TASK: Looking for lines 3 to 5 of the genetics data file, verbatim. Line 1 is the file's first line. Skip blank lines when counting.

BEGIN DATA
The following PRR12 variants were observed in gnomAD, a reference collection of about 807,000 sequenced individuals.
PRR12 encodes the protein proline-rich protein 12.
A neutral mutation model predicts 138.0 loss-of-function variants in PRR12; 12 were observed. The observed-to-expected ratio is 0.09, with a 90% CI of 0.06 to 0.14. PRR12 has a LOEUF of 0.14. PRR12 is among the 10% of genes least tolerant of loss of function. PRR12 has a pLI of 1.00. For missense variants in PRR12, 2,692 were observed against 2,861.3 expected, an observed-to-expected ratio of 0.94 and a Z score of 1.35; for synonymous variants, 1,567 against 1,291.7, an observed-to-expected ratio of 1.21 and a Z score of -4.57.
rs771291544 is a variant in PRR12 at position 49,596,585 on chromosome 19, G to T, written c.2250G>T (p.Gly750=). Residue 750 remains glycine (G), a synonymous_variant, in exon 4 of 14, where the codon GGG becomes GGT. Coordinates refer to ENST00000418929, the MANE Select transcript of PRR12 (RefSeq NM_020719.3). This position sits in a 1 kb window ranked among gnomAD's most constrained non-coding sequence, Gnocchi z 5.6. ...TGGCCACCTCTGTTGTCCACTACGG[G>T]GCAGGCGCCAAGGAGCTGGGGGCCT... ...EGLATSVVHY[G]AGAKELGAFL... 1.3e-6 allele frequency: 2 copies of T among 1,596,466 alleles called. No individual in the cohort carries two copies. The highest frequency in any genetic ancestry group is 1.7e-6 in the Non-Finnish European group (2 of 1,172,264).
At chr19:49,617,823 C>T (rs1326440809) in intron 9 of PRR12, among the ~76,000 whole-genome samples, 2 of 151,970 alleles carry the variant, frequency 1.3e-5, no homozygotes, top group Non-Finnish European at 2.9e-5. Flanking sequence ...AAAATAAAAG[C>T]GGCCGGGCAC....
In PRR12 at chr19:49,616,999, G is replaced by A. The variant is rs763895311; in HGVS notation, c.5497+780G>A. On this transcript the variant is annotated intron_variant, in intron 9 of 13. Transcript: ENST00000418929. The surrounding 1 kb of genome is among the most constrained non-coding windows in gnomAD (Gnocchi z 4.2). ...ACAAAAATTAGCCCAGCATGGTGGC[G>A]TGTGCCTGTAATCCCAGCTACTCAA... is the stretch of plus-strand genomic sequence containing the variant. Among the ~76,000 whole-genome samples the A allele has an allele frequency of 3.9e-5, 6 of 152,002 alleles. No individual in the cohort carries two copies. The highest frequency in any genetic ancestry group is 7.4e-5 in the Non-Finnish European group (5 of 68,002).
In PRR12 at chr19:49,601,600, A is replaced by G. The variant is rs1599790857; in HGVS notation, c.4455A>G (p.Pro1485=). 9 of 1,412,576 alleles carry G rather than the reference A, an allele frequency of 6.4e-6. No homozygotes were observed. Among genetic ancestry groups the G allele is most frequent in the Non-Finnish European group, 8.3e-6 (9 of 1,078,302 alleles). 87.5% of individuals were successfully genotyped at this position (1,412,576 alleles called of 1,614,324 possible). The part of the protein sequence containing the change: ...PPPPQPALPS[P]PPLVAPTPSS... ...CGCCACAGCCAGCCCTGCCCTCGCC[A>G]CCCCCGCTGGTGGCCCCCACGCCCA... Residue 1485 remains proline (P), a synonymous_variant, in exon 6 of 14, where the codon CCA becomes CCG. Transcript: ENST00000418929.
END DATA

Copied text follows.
A neutral mutation model predicts 138.0 loss-of-function variants in PRR12; 12 were observed. The observed-to-expected ratio is 0.09, with a 90% CI of 0.06 to 0.14. PRR12 has a LOEUF of 0.14. PRR12 is among the 10% of genes least tolerant of loss of function. PRR12 has a pLI of 1.00. For missense variants in PRR12, 2,692 were observed against 2,861.3 expected, an observed-to-expected ratio of 0.94 and a Z score of 1.35; for synonymous variants, 1,567 against 1,291.7, an observed-to-expected ratio of 1.21 and a Z score of -4.57.
rs771291544 is a variant in PRR12 at position 49,596,585 on chromosome 19, G to T, written c.2250G>T (p.Gly750=). Residue 750 remains glycine (G), a synonymous_variant, in exon 4 of 14, where the codon GGG becomes GGT. Coordinates refer to ENST00000418929, the MANE Select transcript of PRR12 (RefSeq NM_020719.3). This position sits in a 1 kb window ranked among gnomAD's most constrained non-coding sequence, Gnocchi z 5.6. ...TGGCCACCTCTGTTGTCCACTACGG[G>T]GCAGGCGCCAAGGAGCTGGGGGCCT... ...EGLATSVVHY[G]AGAKELGAFL... 1.3e-6 allele frequency: 2 copies of T among 1,596,466 alleles called. No individual in the cohort carries two copies. The highest frequency in any genetic ancestry group is 1.7e-6 in the Non-Finnish European group (2 of 1,172,264).
At chr19:49,617,823 C>T (rs1326440809) in intron 9 of PRR12, among the ~76,000 whole-genome samples, 2 of 151,970 alleles carry the variant, frequency 1.3e-5, no homozygotes, top group Non-Finnish European at 2.9e-5. Flanking sequence ...AAAATAAAAG[C>T]GGCCGGGCAC....